But when you connect an mA meter over the diode, all the current starts to go through the mA meter and none of it goes through the diode anymore. Magic!? Well, no magic, just electronics.

Pictures below show how the current goes through test diode (above) or mA meter (below):


Measuring current using a transmitter’s test connection - Beamex blog


Measuring current using a transmitter’s test connection - Beamex blog


Well, this is how it should work, but it does not always work like that in practice. Read on…


How does an mA meter work?

Why am I talking about impedance of a mA meter? What is that impedance?

The way mA meters are normally built, there is an accurate shunt resistor, a few ohms, that the current goes through (R in the picture below). This current causes a voltage drop over the shunt resistor and by measuring this voltage with an A/D converter (V in the picture) we can calculate the current.

The rest is simple mathematics, per the Ohm’s law: I = U/R (Current = Voltage / Resistance).

Measuring current using a transmitter’s test connection - Beamex blog


Unfortunately, some mA meters/calibrators have impedance that is a bit too high, which causes the voltage drop over the resistor to be larger. In most applications, larger impedance is not critical, but with the transmitter’s test connection it is. When the voltage drop becomes larger it causes the test diode to start opening either slightly causing small leakage current, or all the way open.

Why would you put higher impedance in a mA meter? It may be easier to design a mA meter using a bit higher impedance, as then the voltage drop becomes higher and it is easier to measure it internally with A/D converter, since the voltage signal is higher.

For example, if the internal impedance of an mA meter would be as high as 50 ohms, then with a 20 mA current this means that the voltage drop over the mA meter (and test connection’s diode) would be 1 V causing the test diode to be fully open (threshold 0.6 V). This would mean that your mA meter would show hardly any current, although there is a 20mA current going through the transmitter, as all current goes though the test connection.

The above example’s kind of huge error would be easy to notice in practice. But there are also some mA meters with say about 30 ohm internal impedance. This means that with a smaller current the measurement works okay, but when getting closer to 20 mA the voltage drop gets closer to 0.6 V, and the test diode starts to leak and part of the current goes through the diode. This may be difficult to realize, resulting in you trusting the faulty measurement result of your mA meter.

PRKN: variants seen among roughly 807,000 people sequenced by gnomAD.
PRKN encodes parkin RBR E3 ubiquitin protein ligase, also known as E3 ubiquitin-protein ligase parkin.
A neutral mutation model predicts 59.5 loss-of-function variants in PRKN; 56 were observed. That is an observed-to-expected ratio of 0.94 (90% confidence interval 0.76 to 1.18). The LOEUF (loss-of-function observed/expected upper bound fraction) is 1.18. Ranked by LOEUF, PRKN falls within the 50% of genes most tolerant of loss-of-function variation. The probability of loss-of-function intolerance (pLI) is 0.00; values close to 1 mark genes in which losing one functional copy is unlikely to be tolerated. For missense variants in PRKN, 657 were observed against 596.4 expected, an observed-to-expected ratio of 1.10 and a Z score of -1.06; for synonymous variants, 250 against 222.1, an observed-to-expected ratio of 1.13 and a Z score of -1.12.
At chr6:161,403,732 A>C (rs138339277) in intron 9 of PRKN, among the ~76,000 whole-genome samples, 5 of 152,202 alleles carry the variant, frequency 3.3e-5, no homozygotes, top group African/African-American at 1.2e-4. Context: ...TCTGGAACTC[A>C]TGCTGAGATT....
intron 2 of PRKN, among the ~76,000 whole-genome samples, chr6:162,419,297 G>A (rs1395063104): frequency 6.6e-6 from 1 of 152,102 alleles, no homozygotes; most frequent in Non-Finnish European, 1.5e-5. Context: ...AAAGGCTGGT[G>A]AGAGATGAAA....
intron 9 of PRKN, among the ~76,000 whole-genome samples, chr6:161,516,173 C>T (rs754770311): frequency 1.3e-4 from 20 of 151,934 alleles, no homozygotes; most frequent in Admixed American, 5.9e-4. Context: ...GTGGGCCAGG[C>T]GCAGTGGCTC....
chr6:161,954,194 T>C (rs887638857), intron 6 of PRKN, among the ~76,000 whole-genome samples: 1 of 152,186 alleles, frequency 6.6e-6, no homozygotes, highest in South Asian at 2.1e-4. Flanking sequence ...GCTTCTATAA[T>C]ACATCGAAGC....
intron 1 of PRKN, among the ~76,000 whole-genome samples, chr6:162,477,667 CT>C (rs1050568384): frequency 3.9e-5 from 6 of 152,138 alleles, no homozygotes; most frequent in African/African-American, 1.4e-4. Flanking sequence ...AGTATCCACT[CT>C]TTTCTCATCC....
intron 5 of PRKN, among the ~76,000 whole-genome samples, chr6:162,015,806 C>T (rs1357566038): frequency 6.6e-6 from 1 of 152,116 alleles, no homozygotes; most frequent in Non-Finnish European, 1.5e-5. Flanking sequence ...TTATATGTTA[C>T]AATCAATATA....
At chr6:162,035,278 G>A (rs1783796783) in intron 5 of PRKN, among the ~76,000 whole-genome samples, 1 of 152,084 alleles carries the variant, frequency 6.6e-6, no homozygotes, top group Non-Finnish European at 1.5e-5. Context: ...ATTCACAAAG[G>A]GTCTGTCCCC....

The drawing below shows how the current goes partly through mA meter and partly through test diode, if the mA meter’s impedance is too high:


Measuring current using a transmitter’s test connection - Beamex blog


As the current splits between mA meter and diode, the mA meter is showing only part of the current, so it is displaying a wrong result.


A practical test with a pressure transmitter

I tested the characteristics of the test connection/diode with one popular brand of a pressure transmitter.

The purpose of the test was to see how the current of the test diode changes when the voltage changes.

You can see the result of that test in the graphic below, and in the text and table after that.

Measuring current using a transmitter’s test connection - Beamex blog


A table of the data:

Measuring current using a transmitter’s test connection - Beamex blog


We can see in the results for example that:

  • If you want to have smaller than a 0.01 % error, you better stay below about 275 mV - or have impedance less than 13.75 ohms.
  • If you want to have smaller than a 0.05 % error, then you need to stay under 375 mV (or 18.75 ohms).
  • At 400 mV the leak, current starts to grow quickly (equals 20 ohm mA meter impedance).
  • At 500 mV the leak, current is 0.2 mA which equals over 1 % error when measuring 20 mA current (equals 25 ohm mA meter impedance).

As a result/summary of this test, I can say that:

  • As long as your mA meter has impedance less than 15 ohms, you are good to go.
  • If the impedance is 25 ohms, you will introduce over 1 % error in the measurement.